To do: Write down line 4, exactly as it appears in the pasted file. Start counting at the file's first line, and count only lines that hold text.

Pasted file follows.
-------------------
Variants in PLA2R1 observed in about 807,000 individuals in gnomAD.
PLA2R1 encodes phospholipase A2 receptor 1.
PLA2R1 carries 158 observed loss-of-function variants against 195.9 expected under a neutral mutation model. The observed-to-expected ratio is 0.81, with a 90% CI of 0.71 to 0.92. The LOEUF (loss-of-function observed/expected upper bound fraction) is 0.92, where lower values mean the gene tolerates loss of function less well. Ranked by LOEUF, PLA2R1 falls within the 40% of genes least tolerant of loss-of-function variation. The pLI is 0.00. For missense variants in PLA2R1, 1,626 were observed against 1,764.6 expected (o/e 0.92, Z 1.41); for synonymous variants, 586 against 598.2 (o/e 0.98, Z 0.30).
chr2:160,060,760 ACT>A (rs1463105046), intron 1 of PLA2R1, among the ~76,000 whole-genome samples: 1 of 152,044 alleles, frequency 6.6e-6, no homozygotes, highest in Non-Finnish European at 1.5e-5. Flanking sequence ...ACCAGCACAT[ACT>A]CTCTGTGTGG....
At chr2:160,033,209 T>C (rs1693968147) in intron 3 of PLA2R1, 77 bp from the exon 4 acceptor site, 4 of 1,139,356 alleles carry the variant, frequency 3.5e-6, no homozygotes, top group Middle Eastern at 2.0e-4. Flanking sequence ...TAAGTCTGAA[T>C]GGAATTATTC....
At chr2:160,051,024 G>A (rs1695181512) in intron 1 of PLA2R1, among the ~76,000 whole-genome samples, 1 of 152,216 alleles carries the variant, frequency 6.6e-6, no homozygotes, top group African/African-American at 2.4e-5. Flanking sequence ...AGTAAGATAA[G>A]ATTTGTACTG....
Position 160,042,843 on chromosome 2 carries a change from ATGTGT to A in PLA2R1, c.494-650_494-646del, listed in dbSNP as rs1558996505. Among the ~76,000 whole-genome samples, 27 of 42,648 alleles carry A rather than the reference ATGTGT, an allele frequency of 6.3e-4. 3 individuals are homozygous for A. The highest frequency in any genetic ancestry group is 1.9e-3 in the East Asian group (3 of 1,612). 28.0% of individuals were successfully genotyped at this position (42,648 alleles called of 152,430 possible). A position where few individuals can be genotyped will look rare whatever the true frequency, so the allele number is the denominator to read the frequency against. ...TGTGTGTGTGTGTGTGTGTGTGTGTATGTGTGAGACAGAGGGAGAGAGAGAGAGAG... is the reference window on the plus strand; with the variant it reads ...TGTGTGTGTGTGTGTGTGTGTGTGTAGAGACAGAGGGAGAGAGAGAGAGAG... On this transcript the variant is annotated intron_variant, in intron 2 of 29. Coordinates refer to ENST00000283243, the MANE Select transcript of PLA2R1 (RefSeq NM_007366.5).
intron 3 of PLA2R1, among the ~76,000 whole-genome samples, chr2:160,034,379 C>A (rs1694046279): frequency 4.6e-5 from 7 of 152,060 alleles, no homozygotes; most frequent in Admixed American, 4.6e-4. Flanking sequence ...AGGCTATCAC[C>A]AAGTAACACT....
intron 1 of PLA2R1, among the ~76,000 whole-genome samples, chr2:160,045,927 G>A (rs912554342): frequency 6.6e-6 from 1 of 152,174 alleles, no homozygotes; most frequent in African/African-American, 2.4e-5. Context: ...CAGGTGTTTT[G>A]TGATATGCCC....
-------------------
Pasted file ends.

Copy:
chr2:160,060,760 ACT>A (rs1463105046), intron 1 of PLA2R1, among the ~76,000 whole-genome samples: 1 of 152,044 alleles, frequency 6.6e-6, no homozygotes, highest in Non-Finnish European at 1.5e-5. Flanking sequence ...ACCAGCACAT[ACT>A]CTCTGTGTGG....